Taxane acute pain syndrome (TAPS) in patients receiving chemotherapy for breast or prostate cancer: a prospective multi-center study
Fernandes, S. Mazzarello, A. A. Joy, G. R. Pond, J. Hilton, M. F. K. Ibrahim, C. Canil, M. Ong, C. Stober, L. Vandermeer, B. Hutton, M. da Costa, S. Damaraju6 & Mark Clemons. Supportive Care in Cancer
Taxane acute pain syndrome (TAPS) is characterized by myalgias and arthralgias starting 2–3 days after taxane based chemotherapy and lasting up to 7days. In the absence of validated tools, many studies use the presence of both the myalgia and arthralgia components of the Common Terminology Criteria for Adverse Events (CTCAE) to define TAPS. The present study prospectively evaluated the frequency, severity, and impact of TAPS in patients with breast or prostate cancer. Patients and methods In this prospective, non-randomized study, patients with breast or prostate cancer commencing taxane based chemotherapy completed the CTCAE (version 4.03), the Functional Assessment of Cancer Therapy- Taxane (FACT-T), and Brief Pain Inventory (BPI) questionnaires at baseline and once between days 5 and 7 of each chemotherapy cycle.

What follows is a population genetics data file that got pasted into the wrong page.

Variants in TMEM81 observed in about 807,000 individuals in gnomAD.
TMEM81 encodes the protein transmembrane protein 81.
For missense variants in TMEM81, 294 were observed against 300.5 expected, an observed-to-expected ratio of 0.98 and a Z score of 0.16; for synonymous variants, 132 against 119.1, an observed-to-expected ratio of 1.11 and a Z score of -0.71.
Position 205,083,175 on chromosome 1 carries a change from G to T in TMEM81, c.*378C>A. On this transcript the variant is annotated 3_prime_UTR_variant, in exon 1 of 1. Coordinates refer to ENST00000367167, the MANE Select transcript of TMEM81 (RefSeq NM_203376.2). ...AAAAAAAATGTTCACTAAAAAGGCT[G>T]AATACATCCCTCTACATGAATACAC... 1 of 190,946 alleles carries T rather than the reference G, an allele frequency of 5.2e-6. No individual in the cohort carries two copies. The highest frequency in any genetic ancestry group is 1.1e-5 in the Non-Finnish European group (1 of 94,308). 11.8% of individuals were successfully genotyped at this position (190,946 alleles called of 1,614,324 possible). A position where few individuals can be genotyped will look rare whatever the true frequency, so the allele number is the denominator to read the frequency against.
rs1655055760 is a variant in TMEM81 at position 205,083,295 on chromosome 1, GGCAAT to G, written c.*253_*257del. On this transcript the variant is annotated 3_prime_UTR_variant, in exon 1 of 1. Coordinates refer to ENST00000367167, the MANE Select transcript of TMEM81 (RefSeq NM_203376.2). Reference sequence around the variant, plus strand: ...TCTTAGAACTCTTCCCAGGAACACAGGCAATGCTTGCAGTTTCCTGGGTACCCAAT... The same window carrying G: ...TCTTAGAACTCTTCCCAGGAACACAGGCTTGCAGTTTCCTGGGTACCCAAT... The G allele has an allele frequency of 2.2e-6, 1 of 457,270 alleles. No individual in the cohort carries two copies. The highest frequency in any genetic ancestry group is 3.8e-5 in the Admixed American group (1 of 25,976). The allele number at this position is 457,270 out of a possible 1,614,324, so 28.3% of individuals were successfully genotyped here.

From March 2015 to April1, 2016, 75 patients (breastn=66, prostaten=9) were enrolled; 83%receiveddocetaxeland 16% paclitaxel and 1% withdrew. After the first cycle of taxane, TAPS was reported by 25/69 (36.2%) patients; a further 8/69 (18.2%) reporting TAPS after a subsequent chemotherapy treatment. Overall incidence of TAPS was 33/75 (44%). While associated with detrimental scores on FACT-T and BPI as well as increased use of analgesics in 63% (21/33) of patients with TAPS, TAPS did not lead to alterations in chemotherapy dosing.
TAPS is common after taxane-based chemotherapy, and its presence is associated with reduced quality of life and increased analgesic requirements. Prospective patient-reported outcome assessments are crucial to help individualize treatment strategies and improve management of TAPS.